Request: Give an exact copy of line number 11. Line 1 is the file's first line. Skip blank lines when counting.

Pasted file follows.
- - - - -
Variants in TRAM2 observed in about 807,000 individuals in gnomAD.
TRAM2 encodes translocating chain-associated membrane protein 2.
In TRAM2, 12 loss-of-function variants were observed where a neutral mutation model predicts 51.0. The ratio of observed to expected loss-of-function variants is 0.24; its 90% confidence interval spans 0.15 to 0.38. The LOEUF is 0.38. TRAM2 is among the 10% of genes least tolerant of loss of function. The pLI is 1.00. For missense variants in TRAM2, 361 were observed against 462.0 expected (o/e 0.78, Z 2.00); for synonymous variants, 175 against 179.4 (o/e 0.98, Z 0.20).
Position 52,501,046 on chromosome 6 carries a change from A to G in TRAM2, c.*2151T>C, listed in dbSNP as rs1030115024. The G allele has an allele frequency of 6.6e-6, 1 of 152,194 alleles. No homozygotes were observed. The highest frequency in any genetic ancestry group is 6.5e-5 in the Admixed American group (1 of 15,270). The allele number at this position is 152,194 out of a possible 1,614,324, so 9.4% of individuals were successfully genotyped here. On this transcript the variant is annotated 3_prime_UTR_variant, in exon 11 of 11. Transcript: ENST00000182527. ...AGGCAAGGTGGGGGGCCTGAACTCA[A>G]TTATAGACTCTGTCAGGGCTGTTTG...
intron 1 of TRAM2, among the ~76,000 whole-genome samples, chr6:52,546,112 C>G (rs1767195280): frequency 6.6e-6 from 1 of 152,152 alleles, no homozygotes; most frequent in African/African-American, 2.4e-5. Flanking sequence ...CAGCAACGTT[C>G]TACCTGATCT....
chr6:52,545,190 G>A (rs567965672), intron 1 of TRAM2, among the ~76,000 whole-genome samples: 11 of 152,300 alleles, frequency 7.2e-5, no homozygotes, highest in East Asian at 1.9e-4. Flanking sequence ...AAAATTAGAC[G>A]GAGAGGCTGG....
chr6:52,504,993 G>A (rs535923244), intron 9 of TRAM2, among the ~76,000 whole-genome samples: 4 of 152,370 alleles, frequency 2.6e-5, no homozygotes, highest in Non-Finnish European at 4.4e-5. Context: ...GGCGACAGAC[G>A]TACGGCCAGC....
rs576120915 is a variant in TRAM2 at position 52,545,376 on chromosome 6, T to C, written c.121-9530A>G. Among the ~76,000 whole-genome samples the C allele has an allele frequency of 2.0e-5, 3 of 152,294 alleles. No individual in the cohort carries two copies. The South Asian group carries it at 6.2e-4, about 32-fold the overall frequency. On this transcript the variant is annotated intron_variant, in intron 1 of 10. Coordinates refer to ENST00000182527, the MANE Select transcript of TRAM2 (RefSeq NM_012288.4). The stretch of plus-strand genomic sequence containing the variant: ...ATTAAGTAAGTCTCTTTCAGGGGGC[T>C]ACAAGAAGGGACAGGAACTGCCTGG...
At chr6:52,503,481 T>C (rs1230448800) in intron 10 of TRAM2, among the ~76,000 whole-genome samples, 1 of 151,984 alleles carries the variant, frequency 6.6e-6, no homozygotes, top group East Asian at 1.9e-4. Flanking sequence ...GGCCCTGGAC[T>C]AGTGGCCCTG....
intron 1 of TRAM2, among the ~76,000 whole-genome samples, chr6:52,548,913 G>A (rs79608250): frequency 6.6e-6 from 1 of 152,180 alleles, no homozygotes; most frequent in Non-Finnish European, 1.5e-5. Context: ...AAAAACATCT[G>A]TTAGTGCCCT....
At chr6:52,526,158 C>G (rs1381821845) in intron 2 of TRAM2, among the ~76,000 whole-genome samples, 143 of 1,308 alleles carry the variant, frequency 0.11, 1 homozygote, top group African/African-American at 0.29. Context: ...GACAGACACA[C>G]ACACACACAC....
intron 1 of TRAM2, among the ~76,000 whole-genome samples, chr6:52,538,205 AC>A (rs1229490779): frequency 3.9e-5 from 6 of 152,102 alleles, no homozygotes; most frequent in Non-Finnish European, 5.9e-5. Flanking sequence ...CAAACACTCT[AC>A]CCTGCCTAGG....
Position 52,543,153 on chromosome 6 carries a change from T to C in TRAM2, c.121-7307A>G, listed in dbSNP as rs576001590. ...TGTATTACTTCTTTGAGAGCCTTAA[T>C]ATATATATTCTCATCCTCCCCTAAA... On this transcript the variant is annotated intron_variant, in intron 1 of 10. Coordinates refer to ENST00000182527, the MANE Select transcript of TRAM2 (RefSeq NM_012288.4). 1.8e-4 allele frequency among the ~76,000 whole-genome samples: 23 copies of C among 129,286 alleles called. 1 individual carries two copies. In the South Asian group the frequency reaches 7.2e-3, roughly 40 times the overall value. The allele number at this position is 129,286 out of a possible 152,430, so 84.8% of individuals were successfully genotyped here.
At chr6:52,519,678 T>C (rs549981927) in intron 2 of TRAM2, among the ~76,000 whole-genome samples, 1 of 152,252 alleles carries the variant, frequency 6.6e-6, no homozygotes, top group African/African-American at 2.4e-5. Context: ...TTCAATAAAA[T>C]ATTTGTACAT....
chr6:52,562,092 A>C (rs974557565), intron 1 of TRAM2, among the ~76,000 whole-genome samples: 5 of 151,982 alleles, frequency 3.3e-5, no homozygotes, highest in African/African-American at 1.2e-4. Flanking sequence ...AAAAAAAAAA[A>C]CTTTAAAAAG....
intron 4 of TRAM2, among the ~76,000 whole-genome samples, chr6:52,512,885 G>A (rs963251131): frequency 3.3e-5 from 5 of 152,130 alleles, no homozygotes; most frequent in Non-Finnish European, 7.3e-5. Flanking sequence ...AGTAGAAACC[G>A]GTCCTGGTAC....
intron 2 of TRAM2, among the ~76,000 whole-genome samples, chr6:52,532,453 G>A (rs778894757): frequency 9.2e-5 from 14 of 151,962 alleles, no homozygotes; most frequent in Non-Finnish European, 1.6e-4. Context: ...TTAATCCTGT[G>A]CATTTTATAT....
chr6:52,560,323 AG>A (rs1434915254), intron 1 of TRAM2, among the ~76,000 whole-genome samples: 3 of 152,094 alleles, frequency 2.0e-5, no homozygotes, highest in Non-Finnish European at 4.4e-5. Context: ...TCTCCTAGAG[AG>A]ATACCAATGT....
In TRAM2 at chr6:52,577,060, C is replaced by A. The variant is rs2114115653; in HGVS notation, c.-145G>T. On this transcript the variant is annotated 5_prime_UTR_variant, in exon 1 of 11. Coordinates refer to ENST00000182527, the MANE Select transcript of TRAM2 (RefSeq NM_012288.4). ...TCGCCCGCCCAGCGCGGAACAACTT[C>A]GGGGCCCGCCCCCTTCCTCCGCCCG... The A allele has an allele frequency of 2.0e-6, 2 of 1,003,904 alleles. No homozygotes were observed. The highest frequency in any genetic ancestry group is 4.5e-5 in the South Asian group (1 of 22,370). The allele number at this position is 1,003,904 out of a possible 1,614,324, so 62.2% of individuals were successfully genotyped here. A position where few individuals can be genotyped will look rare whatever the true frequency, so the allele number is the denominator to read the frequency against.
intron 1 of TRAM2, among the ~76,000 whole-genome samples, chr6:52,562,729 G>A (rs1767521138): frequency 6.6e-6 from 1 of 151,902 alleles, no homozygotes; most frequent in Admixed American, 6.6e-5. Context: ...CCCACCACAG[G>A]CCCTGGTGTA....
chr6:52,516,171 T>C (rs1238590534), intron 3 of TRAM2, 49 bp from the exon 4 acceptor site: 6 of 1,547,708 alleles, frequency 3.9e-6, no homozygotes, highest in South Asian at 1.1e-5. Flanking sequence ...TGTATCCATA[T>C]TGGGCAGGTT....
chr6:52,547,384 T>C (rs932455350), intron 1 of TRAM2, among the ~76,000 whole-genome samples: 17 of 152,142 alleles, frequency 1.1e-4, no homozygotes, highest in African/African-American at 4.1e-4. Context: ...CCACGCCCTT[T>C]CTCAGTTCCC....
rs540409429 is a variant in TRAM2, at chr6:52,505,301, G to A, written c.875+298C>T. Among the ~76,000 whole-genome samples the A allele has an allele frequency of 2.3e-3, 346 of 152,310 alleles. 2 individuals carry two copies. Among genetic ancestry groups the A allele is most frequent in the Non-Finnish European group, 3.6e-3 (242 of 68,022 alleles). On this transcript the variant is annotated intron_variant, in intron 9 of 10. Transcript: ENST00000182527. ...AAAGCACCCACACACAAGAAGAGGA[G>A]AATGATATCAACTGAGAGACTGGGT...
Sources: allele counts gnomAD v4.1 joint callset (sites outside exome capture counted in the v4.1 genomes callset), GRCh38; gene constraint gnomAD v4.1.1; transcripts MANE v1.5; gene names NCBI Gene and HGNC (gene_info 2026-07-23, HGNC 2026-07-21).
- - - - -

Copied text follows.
At chr6:52,526,158 C>G (rs1381821845) in intron 2 of TRAM2, among the ~76,000 whole-genome samples, 143 of 1,308 alleles carry the variant, frequency 0.11, 1 homozygote, top group African/African-American at 0.29. Context: ...GACAGACACA[C>G]ACACACACAC....